Today I’m going to show you how to make extra-large dumpling wrappers big enough to make king-sized Korean dumplings. Korean dumplings are called mandu and these wrappers are called mandu-pi. Ever since I posted my first mandu recipe in 2008 many people who don’t have access to a Korean grocery store have asked me how to make the wrappers at home. It lead me to develop this recipe, which took me some time to perfect.
From experimentation I learned that homemade mandu-pi are a lot tastier than mandu-pi from the grocery store. They are big noodles used to wrap around fillings, so taking time and care to get them right will make your dumplings that much better.
Not only that, but they are easy to make!
This recipe makes king-sized wrappers (or skins), but you could also use this recipe to make smaller wrappers, too. Just divide them into smaller pieces before you roll them out.
Enjoy my recipe, and I hope you make some nice delicious mandu-pi from it. Let me know how your mandu turn out!
(makes 16 large wrappers, each one 5½ to 6 inches in diameter)
- 2 cups all purpose flour plus ¼ cup extra for dusting
- ½ teaspoon kosher salt
- ⅔ cup water
- Combine 2 cups of flour, kosher salt, and water in a large mixing bowl. Mix with a wooden spoon until it turns into a lump. Then knead it by hand for a few minutes until the dough gets a little softer. Put it in a plastic bag to keep it from the air and let it sit for 10 to 30 minutes on the kitchen counter.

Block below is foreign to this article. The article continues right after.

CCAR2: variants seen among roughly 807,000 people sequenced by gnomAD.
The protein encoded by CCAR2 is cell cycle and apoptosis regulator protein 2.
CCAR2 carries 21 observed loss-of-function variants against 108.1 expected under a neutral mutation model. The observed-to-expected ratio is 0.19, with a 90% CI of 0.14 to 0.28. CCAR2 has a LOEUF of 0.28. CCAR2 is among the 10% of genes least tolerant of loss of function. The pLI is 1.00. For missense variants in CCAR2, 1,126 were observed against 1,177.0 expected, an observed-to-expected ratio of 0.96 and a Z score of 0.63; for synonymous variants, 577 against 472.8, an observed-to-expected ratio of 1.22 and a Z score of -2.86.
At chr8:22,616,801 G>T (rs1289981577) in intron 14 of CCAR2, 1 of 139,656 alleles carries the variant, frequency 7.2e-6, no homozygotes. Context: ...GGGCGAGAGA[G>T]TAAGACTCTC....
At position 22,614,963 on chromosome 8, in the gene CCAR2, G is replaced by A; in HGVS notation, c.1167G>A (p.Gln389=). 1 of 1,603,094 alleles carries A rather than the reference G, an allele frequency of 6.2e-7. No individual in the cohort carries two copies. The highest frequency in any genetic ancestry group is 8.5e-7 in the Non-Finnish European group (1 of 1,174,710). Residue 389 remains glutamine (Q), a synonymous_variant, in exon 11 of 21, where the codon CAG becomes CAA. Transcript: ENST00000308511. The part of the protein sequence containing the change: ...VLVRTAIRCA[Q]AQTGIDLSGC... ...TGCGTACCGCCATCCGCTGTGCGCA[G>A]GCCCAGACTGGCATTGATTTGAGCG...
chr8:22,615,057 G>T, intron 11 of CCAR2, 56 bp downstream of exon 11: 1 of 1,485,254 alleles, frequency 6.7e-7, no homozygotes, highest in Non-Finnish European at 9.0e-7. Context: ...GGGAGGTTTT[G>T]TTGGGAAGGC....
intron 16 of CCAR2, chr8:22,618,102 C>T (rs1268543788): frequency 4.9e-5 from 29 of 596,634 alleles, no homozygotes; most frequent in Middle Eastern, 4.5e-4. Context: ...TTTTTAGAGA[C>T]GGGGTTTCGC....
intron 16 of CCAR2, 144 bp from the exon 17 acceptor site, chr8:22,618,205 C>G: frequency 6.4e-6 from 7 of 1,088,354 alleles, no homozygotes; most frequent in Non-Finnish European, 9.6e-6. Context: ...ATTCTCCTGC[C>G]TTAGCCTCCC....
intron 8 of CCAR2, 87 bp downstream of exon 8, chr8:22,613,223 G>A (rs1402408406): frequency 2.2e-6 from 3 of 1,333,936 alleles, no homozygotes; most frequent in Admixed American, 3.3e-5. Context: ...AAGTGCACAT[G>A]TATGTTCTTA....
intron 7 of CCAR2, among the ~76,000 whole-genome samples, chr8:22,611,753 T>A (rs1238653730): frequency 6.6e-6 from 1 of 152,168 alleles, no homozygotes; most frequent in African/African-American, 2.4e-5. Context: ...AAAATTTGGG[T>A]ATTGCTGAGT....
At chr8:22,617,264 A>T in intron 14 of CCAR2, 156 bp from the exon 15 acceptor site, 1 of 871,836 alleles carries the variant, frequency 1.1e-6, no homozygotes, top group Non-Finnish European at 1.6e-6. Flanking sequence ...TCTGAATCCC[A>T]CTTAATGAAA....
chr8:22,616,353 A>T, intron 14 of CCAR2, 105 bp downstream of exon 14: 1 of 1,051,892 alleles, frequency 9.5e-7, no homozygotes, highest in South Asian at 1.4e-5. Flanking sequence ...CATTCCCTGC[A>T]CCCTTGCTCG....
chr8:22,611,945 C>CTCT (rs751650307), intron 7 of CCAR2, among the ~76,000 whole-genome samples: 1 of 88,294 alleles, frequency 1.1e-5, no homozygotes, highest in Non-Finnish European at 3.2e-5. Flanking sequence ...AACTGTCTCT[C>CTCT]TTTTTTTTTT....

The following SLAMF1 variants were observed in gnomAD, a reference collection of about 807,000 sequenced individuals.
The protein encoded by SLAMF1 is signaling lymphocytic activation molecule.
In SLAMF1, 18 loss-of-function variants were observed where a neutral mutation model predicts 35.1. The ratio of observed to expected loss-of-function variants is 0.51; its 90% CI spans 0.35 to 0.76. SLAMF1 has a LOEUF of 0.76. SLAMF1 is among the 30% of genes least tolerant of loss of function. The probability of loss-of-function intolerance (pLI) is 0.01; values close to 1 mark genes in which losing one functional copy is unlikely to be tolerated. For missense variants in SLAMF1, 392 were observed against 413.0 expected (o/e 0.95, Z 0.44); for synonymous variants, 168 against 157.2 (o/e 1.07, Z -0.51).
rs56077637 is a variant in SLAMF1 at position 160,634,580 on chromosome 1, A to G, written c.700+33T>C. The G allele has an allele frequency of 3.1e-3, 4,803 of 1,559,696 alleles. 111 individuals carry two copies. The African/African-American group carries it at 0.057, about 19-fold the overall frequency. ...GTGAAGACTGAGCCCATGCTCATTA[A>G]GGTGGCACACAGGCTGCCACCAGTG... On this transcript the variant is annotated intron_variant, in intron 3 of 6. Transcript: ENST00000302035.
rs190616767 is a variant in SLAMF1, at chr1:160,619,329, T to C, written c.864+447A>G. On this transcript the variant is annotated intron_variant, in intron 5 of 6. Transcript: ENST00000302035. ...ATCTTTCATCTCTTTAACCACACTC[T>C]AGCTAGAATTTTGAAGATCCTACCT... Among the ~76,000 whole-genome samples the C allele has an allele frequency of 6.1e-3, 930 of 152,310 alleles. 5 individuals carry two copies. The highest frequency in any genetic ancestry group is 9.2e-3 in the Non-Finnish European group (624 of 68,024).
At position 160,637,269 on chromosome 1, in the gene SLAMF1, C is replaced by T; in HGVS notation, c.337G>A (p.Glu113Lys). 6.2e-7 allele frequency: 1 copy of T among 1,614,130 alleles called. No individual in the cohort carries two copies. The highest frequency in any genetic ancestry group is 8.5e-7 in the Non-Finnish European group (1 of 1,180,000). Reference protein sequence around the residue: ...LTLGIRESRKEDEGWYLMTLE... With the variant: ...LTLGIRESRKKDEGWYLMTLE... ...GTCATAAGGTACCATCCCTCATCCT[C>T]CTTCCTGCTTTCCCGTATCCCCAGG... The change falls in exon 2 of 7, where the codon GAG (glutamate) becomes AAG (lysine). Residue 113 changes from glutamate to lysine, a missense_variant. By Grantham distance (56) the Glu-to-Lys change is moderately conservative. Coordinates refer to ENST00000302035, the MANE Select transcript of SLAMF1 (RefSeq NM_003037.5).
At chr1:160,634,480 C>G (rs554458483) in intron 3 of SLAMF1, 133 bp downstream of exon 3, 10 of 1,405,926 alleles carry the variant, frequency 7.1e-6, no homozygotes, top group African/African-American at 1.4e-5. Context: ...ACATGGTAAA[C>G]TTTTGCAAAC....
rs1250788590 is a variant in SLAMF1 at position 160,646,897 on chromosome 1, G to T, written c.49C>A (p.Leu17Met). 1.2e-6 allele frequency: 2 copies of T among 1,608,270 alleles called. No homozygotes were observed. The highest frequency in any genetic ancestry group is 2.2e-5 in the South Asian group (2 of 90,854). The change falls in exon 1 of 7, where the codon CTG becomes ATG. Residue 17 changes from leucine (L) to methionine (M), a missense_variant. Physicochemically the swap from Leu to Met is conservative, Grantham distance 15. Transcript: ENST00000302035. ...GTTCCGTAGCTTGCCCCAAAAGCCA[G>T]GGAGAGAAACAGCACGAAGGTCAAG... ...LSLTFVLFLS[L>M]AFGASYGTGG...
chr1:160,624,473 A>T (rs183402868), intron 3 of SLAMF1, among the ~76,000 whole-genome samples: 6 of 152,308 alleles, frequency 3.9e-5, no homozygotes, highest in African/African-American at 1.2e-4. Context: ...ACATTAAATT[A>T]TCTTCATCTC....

- Take the dough out of the plastic bag. It will be a little softer and moist and easier to handle. Knead it for 5 to 7 minutes, until it’s smooth and elastic.
- Place the dough on a cutting board dusted with a bit of flour and divide it into 2 equal pieces. Put one half into the plastic bag to keep it from getting dried out as your work on the other half.
- Cut the piece of dough into 8 equal sized pieces. Roll each piece out with a rolling pin into 5½ to 6 inch round circle disks. They should be a little thinner on the edges than in the middle, because we’ll eventually be pinching the edges together when we make mandu, so you don’t want them too thick and doughy.
- Take the second half out of the bag and make mandu wrappers out of it using the same method.
- Use them right away to make mandu, or freeze them for later.
- Cover a large platter with plastic wrap and put the wrappers on it. Place them so they don’t touch each other, and separate layers of skins with sheets of plastic wrap.
- When it’s full of skins, cover the entire tray with plastic wrap and freeze it for up to 1 month.
How to use frozen mandupi:
- Thaw out at room temperature for 10 to 20 minutes before using them to make mandu.